Finding a Solution to the Ukraine Crisis?

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Ukraine and Russia are slugging it out, with heavy losses on both sides. The Russian strategy, such as can be determined, seems to be to surround Ukraine’s main cities and squeeze the Ukrainian government as hard as they can. The Russians also threaten to lop off parts of Ukraine, such as the area around Chernobyl and Kharkiv, both in the northeast of the country. But Odessa also appears to be surrounded in the south, which would be fatal for Ukraine if the Russians took it.

The courageous leader of Ukraine, Volodymyr Zelensky, faces some harsh choices. But so does Vladimir Putin, president of Russia. Russia has taken many casualties, with more than 5,000 soldiers reportedly killed already. The Russian currency has all but collapsed, and there’s deep-seated anger in Russia against Putin and his war. Putin needs to wrap this war up fast, or he could be replaced by his adversaries in Russia.

There are some signs of progress. A second meeting between the Russians and Ukrainians has taken place in Belarus, near the Ukrainian border. In addition, Naftali Bennett, prime minister of Israel, has talked separately to Zelensky and to Putin. No results are yet forthcoming, but reading between the lines suggests a deal may be possible, provided Russia and Ukraine also make some progress with the United States and NATO. That’s a tall order, but not outside the realm of possibility.

Assuming a deal is possible (it may not be), what would it entail?

A potential solution covers four main issues. The first is the future of the Donbass area; the second is NATO membership for Ukraine; the third is the Crimea; and the fourth involves nuclear weapons.

Perhaps the easiest solution is Donbass, which the Minsk Accords saw as becoming autonomous regions of Ukraine. Since Russia has now recognized the two breakaway areas (Donetsk and Luhansk) as independent states, it’s more difficult now to find a way to a solution. Nevertheless, it is possible. One formula would be for the two breakaways to remain independent only while their status as autonomous Ukrainian areas is worked out, at which point it would be politically and economically expedient for them to become autonomous parts of Ukraine.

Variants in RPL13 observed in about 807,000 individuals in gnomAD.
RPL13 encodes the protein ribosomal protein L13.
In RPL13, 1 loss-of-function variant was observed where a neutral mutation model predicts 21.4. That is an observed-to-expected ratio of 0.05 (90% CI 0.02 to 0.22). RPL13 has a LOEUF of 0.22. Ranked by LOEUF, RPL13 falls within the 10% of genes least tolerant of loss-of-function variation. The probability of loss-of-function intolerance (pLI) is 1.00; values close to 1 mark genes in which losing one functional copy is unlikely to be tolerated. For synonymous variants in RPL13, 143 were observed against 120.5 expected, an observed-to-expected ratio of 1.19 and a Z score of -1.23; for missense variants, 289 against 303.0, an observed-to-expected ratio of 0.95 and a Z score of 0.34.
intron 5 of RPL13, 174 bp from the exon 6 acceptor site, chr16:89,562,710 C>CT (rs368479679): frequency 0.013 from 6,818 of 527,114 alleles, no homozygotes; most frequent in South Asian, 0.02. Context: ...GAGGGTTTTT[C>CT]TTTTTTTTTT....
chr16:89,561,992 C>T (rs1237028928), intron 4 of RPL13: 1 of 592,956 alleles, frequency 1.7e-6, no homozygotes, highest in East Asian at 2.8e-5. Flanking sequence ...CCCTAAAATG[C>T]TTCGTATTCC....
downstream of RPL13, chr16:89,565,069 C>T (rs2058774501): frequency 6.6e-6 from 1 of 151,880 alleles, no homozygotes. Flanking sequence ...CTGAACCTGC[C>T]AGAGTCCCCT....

NATO, however, is a bigger issue for the Russians and for Ukraine. Ukraine believes, rightly or wrongly, that NATO guarantees their security (even though the support they have received from NATO hasn’t achieved that goal at all). Russia believes NATO in Ukraine is a major threat to Russian security. How to solve this problem?

The simplest but more difficult way to handle the matter is for Ukraine to give up seeking membership in NATO. Even in the midst of a horrible war, Ukraine doesn’t seem disposed to do this, and NATO has not backed off either. Is there a way out?

A straightforward solution is for NATO to give Ukraine a special type of membership whereby NATO would come to Ukraine’s help if it is attacked. But to assuage Russia, NATO would not put any troops in Ukraine nor any NATO bases, and wouldn’t try to convert Ukraine’s military infrastructure into the NATO system. NATO, of course, isn’t directly part of the Russia-Ukraine negotiations, but some sort of formula can be agreed (no NATO bases, infrastructure, etc.) in Ukraine, leaving aside Ukraine asking for special status under Article 5 (collective security) in the NATO treaty.